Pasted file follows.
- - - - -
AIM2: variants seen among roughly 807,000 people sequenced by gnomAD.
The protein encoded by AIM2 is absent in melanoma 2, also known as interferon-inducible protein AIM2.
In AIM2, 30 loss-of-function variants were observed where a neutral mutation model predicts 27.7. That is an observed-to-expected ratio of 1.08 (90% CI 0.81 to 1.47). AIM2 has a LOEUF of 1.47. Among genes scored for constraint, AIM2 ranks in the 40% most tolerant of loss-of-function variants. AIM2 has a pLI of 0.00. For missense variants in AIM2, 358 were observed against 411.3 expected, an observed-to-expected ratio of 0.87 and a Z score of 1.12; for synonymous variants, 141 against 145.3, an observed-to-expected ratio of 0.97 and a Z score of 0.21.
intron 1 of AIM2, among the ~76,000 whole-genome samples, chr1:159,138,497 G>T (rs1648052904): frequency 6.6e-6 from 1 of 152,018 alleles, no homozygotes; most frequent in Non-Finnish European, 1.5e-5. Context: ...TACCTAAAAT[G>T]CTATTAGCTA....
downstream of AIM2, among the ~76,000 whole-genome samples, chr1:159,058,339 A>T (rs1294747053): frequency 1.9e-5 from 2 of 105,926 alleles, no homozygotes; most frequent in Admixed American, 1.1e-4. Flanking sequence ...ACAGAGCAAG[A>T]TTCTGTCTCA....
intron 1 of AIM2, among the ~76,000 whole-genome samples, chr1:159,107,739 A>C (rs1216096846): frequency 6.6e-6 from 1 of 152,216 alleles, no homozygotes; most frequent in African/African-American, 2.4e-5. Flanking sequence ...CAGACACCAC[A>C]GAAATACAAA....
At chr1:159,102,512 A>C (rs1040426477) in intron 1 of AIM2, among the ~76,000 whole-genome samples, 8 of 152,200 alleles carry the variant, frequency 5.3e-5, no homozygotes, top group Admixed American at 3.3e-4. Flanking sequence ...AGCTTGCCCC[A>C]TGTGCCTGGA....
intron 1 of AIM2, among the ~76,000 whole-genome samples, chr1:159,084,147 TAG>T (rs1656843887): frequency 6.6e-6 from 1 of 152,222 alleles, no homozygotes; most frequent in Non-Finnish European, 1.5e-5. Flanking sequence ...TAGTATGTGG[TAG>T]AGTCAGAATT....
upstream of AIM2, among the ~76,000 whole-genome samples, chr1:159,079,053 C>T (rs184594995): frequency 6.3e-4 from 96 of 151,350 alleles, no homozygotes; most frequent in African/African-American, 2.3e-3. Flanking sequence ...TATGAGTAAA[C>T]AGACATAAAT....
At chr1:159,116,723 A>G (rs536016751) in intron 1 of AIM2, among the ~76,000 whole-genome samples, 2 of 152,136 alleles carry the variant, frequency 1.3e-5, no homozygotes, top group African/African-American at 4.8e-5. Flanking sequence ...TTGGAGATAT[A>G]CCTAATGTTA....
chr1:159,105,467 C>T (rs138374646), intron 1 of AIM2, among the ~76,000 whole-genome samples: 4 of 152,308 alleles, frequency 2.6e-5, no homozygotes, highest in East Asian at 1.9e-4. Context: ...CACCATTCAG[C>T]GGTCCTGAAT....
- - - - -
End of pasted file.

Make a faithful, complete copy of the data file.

AIM2: variants seen among roughly 807,000 people sequenced by gnomAD.
The protein encoded by AIM2 is absent in melanoma 2, also known as interferon-inducible protein AIM2.
In AIM2, 30 loss-of-function variants were observed where a neutral mutation model predicts 27.7. That is an observed-to-expected ratio of 1.08 (90% CI 0.81 to 1.47). AIM2 has a LOEUF of 1.47. Among genes scored for constraint, AIM2 ranks in the 40% most tolerant of loss-of-function variants. AIM2 has a pLI of 0.00. For missense variants in AIM2, 358 were observed against 411.3 expected, an observed-to-expected ratio of 0.87 and a Z score of 1.12; for synonymous variants, 141 against 145.3, an observed-to-expected ratio of 0.97 and a Z score of 0.21.
intron 1 of AIM2, among the ~76,000 whole-genome samples, chr1:159,138,497 G>T (rs1648052904): frequency 6.6e-6 from 1 of 152,018 alleles, no homozygotes; most frequent in Non-Finnish European, 1.5e-5. Context: ...TACCTAAAAT[G>T]CTATTAGCTA....
downstream of AIM2, among the ~76,000 whole-genome samples, chr1:159,058,339 A>T (rs1294747053): frequency 1.9e-5 from 2 of 105,926 alleles, no homozygotes; most frequent in Admixed American, 1.1e-4. Flanking sequence ...ACAGAGCAAG[A>T]TTCTGTCTCA....
intron 1 of AIM2, among the ~76,000 whole-genome samples, chr1:159,107,739 A>C (rs1216096846): frequency 6.6e-6 from 1 of 152,216 alleles, no homozygotes; most frequent in African/African-American, 2.4e-5. Flanking sequence ...CAGACACCAC[A>C]GAAATACAAA....
At chr1:159,102,512 A>C (rs1040426477) in intron 1 of AIM2, among the ~76,000 whole-genome samples, 8 of 152,200 alleles carry the variant, frequency 5.3e-5, no homozygotes, top group Admixed American at 3.3e-4. Flanking sequence ...AGCTTGCCCC[A>C]TGTGCCTGGA....
intron 1 of AIM2, among the ~76,000 whole-genome samples, chr1:159,084,147 TAG>T (rs1656843887): frequency 6.6e-6 from 1 of 152,222 alleles, no homozygotes; most frequent in Non-Finnish European, 1.5e-5. Flanking sequence ...TAGTATGTGG[TAG>T]AGTCAGAATT....
upstream of AIM2, among the ~76,000 whole-genome samples, chr1:159,079,053 C>T (rs184594995): frequency 6.3e-4 from 96 of 151,350 alleles, no homozygotes; most frequent in African/African-American, 2.3e-3. Flanking sequence ...TATGAGTAAA[C>T]AGACATAAAT....
At chr1:159,116,723 A>G (rs536016751) in intron 1 of AIM2, among the ~76,000 whole-genome samples, 2 of 152,136 alleles carry the variant, frequency 1.3e-5, no homozygotes, top group African/African-American at 4.8e-5. Flanking sequence ...TTGGAGATAT[A>G]CCTAATGTTA....
chr1:159,105,467 C>T (rs138374646), intron 1 of AIM2, among the ~76,000 whole-genome samples: 4 of 152,308 alleles, frequency 2.6e-5, no homozygotes, highest in East Asian at 1.9e-4. Context: ...CACCATTCAG[C>T]GGTCCTGAAT....